Gay minister’s trespassing trial begins

A jury in Louisville, Ky., is scheduled to hear a case about an activist Baptist minister and his partner arrested for protesting the state’s ban on same-sex marriage.

By Bob Allen

The trial for an openly gay ordained Baptist minister and his partner arrested in January for refusing to leave a government building where they were denied a marriage license begins today in Louisville, Ky.

Pretrial hearings were scheduled at 9 a.m. Monday in Jefferson County District Court for Maurice “Bojangles” Blanchard, a member of Highland Baptist Church in Louisville, Ky., and his partner, Dominique James.

Bojangles-BlanchardBoth men are charged with third-degree criminal trespassing, which carries a maximum penalty of a $250 fine.

Blanchard said the trial is expected to last two or possibly three days and will be heard by a six-person jury.

“We are hoping the judge will allow us to share the reasoning of why we entered the clerk's office,” Blanchard said in an e-mail Friday.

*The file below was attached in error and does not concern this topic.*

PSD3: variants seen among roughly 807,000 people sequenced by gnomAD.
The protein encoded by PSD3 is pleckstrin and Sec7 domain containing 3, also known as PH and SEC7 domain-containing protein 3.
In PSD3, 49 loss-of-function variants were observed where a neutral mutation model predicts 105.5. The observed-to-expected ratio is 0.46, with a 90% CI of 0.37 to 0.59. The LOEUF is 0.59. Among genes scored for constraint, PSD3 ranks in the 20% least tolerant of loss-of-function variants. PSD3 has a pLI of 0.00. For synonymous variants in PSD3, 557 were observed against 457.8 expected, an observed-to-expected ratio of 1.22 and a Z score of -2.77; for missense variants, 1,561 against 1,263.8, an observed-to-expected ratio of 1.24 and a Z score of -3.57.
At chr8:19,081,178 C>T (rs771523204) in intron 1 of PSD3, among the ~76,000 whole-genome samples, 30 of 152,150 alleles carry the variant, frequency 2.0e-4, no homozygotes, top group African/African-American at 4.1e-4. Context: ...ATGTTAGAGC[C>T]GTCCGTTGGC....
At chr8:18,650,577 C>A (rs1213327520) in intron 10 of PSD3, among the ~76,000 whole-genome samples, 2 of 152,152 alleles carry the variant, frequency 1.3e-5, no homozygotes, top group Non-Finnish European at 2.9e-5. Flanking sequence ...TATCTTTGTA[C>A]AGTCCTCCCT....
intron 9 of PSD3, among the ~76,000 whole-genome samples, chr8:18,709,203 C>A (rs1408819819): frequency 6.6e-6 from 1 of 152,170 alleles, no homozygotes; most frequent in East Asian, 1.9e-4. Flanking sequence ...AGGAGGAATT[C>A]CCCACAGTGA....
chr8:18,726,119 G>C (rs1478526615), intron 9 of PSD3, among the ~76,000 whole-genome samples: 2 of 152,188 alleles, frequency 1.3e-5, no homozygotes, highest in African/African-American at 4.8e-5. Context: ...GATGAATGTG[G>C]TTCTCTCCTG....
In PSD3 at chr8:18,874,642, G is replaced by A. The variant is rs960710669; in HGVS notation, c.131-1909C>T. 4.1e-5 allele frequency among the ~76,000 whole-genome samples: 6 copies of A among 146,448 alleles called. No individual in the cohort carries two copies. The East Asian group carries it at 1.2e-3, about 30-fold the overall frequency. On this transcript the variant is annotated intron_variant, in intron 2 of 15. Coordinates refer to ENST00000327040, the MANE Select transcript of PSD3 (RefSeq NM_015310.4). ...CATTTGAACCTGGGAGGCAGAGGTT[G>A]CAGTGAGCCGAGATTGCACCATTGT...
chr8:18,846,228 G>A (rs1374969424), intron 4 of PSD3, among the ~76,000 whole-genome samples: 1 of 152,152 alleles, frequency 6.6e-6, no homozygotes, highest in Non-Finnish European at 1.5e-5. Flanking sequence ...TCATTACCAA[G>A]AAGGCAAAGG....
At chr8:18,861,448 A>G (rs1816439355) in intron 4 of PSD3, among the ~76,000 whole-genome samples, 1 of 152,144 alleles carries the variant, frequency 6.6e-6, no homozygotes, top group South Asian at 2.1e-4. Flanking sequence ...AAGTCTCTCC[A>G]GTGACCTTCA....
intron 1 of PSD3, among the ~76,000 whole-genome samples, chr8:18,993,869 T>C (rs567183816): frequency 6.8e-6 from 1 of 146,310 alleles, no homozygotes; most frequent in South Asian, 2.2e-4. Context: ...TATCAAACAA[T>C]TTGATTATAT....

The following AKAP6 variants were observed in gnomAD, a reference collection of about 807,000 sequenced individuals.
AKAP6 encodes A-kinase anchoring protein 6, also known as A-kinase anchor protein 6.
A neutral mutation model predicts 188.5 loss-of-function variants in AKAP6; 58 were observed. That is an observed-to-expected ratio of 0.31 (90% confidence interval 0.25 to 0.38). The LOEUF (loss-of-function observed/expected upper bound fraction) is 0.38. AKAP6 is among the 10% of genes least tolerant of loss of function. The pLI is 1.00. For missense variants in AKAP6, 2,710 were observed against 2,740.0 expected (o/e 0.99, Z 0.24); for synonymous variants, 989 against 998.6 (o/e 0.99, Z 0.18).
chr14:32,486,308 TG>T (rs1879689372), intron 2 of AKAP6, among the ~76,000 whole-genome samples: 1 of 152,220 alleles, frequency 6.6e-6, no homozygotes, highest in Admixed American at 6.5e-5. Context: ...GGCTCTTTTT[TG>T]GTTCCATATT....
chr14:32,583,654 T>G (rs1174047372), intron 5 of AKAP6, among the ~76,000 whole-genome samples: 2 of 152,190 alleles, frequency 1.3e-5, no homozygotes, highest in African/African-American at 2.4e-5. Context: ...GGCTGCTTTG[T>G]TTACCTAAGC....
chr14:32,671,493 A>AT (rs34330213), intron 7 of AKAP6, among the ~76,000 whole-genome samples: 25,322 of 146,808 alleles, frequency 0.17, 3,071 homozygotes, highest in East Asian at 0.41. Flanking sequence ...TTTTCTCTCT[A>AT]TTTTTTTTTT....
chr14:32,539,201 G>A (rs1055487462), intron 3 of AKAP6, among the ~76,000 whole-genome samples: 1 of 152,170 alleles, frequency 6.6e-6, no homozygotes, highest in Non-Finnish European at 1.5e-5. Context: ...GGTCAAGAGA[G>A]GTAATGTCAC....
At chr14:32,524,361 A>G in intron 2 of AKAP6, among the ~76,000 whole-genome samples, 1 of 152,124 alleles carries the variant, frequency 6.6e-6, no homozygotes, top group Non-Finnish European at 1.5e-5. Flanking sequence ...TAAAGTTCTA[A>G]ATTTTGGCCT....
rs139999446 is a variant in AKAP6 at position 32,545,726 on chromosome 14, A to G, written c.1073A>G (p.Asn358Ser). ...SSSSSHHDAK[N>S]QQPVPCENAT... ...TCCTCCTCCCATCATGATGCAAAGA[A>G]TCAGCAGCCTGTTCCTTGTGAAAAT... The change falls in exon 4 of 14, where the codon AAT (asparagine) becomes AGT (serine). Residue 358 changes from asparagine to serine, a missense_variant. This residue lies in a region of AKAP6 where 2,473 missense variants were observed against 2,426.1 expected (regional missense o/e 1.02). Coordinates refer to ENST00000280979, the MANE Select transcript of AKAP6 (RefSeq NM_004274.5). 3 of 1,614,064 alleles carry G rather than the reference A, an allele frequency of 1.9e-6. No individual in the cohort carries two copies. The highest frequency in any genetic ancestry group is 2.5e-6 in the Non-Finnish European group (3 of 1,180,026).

In April, the Jefferson County Attorney's Office decided not to file a motion to ban any mention of gay marriage in the trespassing trial. Prosecutors declined to comment to local media about the reason.

Blanchard and James were arrested Jan. 22 for refusing to leave the Jefferson County Clerk’s Office after they were denied a marriage license.

Their protest, described beforehand as an act of “nonviolent resistance to bring about social change,” was aimed at a Kentucky law banning same-sex marriage and a 2004 constitutional amendment limiting legal marriages to those “between one man and one woman.”

“Praise God for the opportunity to witness to inclusive love,” Blanchard tweeted from the Louisville Metro Jail House following his arrest.

Blanchard and James, who had been partners for six years, said the reason they didn’t just wed in one of the 10 states where gay marriage is legal is because they believe they should be able to get married in Kentucky.

“As a minister and as people of faith, we have to give witness to the fact that this is an unjust law and that it's discrimination,” Blanchard told MSNBC in January. “And if we don't act, then we're accomplices to our own discrimination.”

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